There’s still time to contribute to your Individual Retirement Account (IRA) for 2021.
The tax year ended on Dec. 31, 2021, which was also the deadline to contribute to your 401(k) for the year.
However, the deadline to contribute to your IRA is the filing due date for tax returns. So you can make 2021 IRA or HSA contributions through April 18, 2022.
For 2021, you’re allowed to contribute up to $6,000 to an IRA if you’re younger than 50 and $7,000 if you’re 50 and older. Those numbers hold true whether you’re contributing to a traditional or Roth IRA.
Traditional vs. Roth IRA Contributions
It’s hard to think of a retirement investment vehicle that Clark loves more than a Roth IRA.
There are income limits that can disallow you from contributing to a Roth IRA if you make too much money. But because you’re contributing post-tax dollars, you’ll be able to withdraw all of the money you put in, and all of the return your investments generate, completely tax-free in retirement.
Traditional IRA contributions often reduce your adjusted gross income (AGI): the amount of taxable income you made in 2021. So while you’ll have to pay taxes on your gains when you withdraw money from a traditional IRA in retirement, lowering your tax bill is an immediate advantage.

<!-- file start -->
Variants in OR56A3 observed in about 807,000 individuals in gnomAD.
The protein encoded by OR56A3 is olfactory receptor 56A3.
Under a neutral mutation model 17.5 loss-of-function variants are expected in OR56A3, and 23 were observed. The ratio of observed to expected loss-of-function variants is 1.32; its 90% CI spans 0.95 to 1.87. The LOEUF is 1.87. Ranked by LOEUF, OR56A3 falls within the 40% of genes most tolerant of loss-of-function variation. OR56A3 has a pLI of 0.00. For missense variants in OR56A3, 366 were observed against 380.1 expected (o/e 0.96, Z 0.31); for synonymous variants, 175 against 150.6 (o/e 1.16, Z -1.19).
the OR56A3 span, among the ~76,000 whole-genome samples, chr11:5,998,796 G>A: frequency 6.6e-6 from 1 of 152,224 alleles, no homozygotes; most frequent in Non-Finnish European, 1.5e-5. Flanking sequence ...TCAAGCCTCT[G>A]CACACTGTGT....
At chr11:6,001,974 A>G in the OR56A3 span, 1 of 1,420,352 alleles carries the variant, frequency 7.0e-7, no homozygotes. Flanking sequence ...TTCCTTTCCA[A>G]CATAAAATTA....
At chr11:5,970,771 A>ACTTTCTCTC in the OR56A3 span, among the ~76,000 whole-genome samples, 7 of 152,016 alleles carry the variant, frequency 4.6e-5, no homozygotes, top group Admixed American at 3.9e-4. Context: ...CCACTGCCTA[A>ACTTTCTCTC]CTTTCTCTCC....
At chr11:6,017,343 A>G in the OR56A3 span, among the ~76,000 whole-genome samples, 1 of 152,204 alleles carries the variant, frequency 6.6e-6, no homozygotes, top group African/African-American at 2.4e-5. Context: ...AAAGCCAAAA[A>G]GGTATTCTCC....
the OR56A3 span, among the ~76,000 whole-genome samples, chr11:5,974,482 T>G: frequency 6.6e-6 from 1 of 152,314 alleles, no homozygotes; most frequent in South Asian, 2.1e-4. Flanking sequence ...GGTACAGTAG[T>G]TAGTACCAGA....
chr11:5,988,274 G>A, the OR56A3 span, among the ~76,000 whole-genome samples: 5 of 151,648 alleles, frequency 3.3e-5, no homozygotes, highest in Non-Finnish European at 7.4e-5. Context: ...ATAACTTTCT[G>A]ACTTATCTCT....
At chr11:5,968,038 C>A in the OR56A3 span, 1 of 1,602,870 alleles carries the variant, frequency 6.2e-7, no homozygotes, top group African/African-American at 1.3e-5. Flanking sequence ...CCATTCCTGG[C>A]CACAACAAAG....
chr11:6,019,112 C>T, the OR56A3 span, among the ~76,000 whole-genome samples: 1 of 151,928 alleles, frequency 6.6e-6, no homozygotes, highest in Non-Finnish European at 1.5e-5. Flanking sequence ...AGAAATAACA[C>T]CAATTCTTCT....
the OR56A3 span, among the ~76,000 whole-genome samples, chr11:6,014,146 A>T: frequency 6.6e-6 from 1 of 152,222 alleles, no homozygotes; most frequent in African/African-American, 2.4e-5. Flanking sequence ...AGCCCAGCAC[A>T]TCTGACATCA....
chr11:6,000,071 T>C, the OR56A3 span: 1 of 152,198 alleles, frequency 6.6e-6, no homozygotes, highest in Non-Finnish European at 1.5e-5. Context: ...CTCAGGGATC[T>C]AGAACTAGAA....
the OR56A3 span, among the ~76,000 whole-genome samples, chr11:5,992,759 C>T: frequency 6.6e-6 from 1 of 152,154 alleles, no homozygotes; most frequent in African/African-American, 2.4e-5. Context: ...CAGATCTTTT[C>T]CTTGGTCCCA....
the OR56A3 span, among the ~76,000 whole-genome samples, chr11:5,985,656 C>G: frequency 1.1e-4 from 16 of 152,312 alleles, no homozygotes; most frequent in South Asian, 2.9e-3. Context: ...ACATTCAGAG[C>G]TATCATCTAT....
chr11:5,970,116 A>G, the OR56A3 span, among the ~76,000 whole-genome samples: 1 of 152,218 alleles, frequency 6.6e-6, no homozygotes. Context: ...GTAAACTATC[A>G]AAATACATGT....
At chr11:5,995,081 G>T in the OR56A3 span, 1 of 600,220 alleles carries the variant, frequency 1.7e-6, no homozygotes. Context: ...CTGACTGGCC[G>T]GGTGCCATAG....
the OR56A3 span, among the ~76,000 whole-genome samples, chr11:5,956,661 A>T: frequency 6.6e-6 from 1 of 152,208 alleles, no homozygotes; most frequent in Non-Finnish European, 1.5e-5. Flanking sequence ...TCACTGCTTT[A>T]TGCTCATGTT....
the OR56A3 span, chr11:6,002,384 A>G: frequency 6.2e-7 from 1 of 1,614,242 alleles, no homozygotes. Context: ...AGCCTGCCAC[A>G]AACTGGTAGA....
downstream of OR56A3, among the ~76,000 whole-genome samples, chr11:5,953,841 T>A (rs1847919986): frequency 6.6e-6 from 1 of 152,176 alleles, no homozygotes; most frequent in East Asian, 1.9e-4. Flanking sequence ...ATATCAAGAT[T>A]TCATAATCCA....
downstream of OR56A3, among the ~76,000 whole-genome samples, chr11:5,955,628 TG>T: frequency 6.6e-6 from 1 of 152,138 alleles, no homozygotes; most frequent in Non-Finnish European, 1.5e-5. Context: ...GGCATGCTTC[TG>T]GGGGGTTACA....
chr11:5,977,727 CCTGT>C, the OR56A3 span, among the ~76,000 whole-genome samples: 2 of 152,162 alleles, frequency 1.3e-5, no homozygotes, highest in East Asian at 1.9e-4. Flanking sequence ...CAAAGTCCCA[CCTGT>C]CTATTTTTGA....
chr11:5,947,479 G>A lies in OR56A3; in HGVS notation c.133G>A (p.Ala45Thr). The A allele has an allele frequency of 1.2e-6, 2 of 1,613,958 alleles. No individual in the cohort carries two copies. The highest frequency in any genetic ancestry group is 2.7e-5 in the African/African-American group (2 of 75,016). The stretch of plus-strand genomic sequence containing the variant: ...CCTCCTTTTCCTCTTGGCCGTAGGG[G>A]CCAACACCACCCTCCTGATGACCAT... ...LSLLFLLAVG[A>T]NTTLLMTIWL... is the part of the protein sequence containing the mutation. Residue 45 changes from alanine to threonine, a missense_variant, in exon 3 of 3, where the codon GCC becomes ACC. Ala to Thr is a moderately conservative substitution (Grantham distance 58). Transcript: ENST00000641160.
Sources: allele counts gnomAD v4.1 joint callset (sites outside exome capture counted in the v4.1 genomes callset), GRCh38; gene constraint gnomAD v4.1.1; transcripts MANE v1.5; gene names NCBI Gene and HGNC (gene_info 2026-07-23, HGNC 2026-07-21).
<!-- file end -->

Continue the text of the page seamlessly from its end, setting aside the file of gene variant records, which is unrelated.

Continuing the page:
For more on the difference between traditional and Roth IRAs irrespective of deadline-pushing 2021 contributions, read our article here.
Why Would You Want To Contribute to 2021 in 2022?
Depending on your salary, socking away $500 per month toward your retirement via an IRA can be more or less difficult.
However, in the context of financing your retirement, $6,000 or $7,000 is a relatively small number. Maxing out your allowed contributions is a big step toward securing your retirement. And once a year passes in which you don’t reach that limit, you’ve lost an opportunity.
Outside of securing a company match inside of a 401(k), IRAs are one of the best tools at your disposal to save for retirement.
Of course, putting more money toward your 2021 IRA limits in the first three-and-a-half months means that those dollars won’t count toward your 2022 limits (which remain the same as last year). You also should consider your overall financial circumstances before contributing any investment money.
But depending on your financial situation, it may make sense to contribute up to your 2021 limits early this year before switching to 2022.
For example, maybe you’re in a position to contribute $1,000 per month toward your IRA but didn’t start until October 2021. In that case, you can still contribute $500 toward your 2022 IRA in January, February, March and April while adding $2,000 to your 2021 IRA limits. Or you can put all $1,000 per month ($4,000 total) toward your 2021 limits while having plenty of time to reach your 2022 limits after April 18.